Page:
New Bankruptcy Rules and Deadlines Affect All Creditors

By Roger Cox *

Numerous amendments to the Federal Rules of Bankruptcy Procedure took effect December 1, 2017. While these appear to primarily affect consumer cases, some amendments generally affect all creditors, especially those with claims in cases filed under Chapter 7, 12, or 13.

Among those most directly affecting creditors are the following:

Proof of Claim Deadline. The Rule 3002(b) deadline for filing a proof of claim (sometimes called the “bar date”) in voluntary cases filed after December 1 should now run no later than 70 days after the filing.  This specifically applies to voluntary Chapter 7, 12, or 13 cases.  The old rule generally set a bar date 90 days after the date set for the Section 341 first meeting of creditors – this change significantly shortens the bar date in affected cases.  (Note that involuntary Chapter 7 cases also feature a newly amended bar date.)  

Chapter 11 not directly affected.  Deadlines for filing claims in Chapter 11 cases were effectively unchanged.  Creditors should note, however, that although the Bankruptcy Rules do not contemplate a specific bar date in Chapter 11, local court practice may vary from district to district, and bankruptcy courts are often requested to enter orders setting bar dates in Chapter 11 cases.

Secured Claims. Secured creditors are now required to file a proof of claim in order to have an allowed secured claim in the bankruptcy case.  According to the amended Rule 3002(b), failure to file a claim will not, by itself, lead to the lien being deemed void. Thus, at least on the surface, it appears that a valid, perfected lien can still “ride through” most bankruptcy cases. But for a secured creditor to receive distributions from a bankruptcy estate, the better (required) course of action will be to file a proof of claim.

Claims Secured by Debtor’s Principal Residence. Amended Rule 3002(c)(7) provides that a proof of claim filed by the holder of a lien on the debtor’s principal residence (in effect, a home mortgage) is timely filed if the proof of claim, with the required attachments (see official forms 410 and 401A), and escrow analysis, if required, is filed no later than 70 days after the petition date; and any other attachments required by Rule 3001(c) & (d), such as the note, with any endorsement or allonge, deed of trust, etc., are filed as a supplement to the claim no later than 120 days after the petition date.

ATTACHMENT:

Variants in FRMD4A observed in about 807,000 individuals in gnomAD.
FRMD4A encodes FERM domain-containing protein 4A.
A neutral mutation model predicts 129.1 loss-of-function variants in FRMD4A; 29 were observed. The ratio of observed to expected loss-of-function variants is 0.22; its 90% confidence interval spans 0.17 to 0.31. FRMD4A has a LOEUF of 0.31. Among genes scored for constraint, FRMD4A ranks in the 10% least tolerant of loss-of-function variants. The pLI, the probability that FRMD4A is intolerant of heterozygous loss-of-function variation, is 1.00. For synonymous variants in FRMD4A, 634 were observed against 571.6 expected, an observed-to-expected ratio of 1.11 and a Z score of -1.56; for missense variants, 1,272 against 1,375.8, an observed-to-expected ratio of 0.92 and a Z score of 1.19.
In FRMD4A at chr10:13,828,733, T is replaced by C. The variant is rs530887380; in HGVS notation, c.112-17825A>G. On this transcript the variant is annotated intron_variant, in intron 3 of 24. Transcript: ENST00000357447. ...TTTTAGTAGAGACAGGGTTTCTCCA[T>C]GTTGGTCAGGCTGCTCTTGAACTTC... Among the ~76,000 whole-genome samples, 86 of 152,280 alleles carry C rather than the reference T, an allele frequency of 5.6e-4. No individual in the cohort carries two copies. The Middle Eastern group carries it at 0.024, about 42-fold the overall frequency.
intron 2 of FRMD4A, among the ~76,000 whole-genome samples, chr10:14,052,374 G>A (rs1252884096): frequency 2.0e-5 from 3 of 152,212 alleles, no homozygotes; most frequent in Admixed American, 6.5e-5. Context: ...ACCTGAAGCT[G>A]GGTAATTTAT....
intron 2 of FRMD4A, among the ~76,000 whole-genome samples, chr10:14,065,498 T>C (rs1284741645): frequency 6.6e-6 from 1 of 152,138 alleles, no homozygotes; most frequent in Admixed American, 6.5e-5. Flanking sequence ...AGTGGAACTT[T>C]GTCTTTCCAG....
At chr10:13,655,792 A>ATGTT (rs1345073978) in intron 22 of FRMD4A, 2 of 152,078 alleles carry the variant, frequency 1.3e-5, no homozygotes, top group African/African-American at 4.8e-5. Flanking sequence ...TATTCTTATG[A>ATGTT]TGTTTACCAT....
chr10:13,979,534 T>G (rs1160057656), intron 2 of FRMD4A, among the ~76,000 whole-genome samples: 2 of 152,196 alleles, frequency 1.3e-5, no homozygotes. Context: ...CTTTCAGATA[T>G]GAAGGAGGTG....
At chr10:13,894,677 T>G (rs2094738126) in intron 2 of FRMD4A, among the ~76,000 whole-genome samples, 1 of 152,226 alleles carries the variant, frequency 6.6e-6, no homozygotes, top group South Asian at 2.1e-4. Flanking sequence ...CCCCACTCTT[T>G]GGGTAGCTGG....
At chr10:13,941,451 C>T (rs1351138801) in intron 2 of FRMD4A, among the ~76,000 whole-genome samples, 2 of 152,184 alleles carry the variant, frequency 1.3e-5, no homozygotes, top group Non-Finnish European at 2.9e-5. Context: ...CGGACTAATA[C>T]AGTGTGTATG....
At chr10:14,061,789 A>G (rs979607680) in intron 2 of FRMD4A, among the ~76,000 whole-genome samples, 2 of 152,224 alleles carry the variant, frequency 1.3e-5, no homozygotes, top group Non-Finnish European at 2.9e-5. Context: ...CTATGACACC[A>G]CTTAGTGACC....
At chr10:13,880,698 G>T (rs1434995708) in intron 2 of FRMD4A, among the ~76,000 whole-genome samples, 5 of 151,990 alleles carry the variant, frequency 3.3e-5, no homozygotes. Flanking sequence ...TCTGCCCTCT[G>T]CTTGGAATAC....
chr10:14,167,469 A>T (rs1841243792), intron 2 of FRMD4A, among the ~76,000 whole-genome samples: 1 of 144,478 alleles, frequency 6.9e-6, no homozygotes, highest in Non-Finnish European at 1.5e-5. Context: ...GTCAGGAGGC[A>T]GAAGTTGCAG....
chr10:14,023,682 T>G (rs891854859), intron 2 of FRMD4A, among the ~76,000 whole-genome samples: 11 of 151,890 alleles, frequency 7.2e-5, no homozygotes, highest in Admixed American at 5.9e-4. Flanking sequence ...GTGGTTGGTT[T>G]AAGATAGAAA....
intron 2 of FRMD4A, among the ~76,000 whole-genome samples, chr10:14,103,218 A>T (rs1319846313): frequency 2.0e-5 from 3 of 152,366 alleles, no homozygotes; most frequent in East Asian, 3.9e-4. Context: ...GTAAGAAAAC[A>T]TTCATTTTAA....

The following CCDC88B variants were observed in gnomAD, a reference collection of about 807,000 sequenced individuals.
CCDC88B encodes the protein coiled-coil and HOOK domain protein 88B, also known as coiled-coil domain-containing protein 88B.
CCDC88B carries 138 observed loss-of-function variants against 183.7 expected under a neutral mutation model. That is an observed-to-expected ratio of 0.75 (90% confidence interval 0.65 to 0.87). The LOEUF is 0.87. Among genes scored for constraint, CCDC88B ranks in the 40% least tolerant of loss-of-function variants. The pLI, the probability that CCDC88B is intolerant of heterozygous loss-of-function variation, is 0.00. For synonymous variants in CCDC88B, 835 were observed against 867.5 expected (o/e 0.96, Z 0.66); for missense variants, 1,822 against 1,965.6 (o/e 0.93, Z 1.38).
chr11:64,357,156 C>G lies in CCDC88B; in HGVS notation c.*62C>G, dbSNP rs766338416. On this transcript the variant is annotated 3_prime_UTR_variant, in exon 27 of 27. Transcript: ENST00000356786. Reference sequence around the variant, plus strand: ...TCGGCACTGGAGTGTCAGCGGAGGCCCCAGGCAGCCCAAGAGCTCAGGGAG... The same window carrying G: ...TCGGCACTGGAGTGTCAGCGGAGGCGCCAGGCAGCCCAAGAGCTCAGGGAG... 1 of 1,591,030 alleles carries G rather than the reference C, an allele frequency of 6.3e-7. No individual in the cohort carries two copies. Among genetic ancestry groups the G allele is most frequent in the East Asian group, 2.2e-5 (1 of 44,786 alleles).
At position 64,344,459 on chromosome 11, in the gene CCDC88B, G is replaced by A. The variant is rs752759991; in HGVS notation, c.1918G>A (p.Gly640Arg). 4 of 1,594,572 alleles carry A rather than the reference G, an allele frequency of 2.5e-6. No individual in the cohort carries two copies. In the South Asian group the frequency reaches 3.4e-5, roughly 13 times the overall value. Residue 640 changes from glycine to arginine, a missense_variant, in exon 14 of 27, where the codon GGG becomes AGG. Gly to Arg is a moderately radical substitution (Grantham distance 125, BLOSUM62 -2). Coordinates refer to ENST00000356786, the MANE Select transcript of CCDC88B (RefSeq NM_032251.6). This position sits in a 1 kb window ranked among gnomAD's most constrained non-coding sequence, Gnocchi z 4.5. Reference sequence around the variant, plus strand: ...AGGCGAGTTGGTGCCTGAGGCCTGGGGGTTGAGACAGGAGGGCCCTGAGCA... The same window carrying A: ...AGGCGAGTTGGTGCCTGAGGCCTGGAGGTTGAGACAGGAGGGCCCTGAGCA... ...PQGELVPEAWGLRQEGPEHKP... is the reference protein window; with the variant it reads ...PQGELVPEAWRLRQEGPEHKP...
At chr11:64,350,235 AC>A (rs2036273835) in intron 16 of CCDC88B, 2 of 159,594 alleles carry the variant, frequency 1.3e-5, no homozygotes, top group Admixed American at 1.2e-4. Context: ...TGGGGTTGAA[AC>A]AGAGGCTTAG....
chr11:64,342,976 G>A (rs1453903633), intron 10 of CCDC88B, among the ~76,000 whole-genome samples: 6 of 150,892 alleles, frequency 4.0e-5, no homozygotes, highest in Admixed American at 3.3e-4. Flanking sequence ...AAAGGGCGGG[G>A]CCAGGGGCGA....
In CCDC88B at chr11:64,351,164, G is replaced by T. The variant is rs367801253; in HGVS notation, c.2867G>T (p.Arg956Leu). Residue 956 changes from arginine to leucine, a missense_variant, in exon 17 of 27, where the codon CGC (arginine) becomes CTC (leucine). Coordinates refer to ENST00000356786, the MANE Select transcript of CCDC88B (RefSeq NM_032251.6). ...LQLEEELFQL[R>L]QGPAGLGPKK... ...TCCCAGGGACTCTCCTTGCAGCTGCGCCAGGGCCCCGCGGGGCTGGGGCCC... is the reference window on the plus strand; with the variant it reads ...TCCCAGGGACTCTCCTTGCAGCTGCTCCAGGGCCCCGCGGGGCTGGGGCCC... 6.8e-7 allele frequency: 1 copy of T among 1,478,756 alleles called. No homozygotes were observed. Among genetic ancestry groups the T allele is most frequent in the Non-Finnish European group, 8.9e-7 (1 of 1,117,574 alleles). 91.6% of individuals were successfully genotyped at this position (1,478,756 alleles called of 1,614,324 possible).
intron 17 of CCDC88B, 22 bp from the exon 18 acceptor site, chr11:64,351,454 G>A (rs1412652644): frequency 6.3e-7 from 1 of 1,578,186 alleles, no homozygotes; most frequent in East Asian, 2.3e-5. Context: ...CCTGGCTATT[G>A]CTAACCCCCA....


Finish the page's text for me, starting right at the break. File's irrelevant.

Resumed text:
Determining Amount of Secured and Priority Claims. Amended Rule 3012 provides that courts may determine the amount of a secured claim by motion, claim objection, or under a Chapter 12 or 13 Plan.  Generally, under amended Rule 3015(g) a confirmed Plan that provides for the amount of a secured claim will effectively trump a contrary proof of claim or the debtor’s schedules.

Official Form Chapter 13 Plan. Official Form 113 is a new form – Chapter 13 Plan for use nationwide.  Local districts may, however, opt out, if a local form has been adopted that complies with new Bankruptcy Rule 3015.1.  The Northern District of Texas, for example, has opted out and has adopted its own form.  

Other Resources

More information about the amended rules and forms may be located at the following site: United States Courts:  New Bankruptcy Form, Rules Take Effect

Additionally, the American Bankruptcy Institute and other organizations may have materials and commentary on the new rules. 

*Roger Cox, a shareholder resident in Underwood’s Amarillo office, Mr. Cox is the author of Cox’s Texas Creditors Rights Laws Annotated (Thomson Reuters 2017), and a former contributor to the SMU Law Review.  He is Board Certified in Business Bankruptcy Law, Commercial Real Estate Law, and Farm & Ranch Real Estate Law by the Texas Board of Legal Specialization.  Underwood has offices in Amarillo, Austin, Fort Worth, Lubbock, and Pampa. This article is for general and academic information only and is not intended as legal advice or as a specific position asserted on behalf of any existing or future client of the firm.

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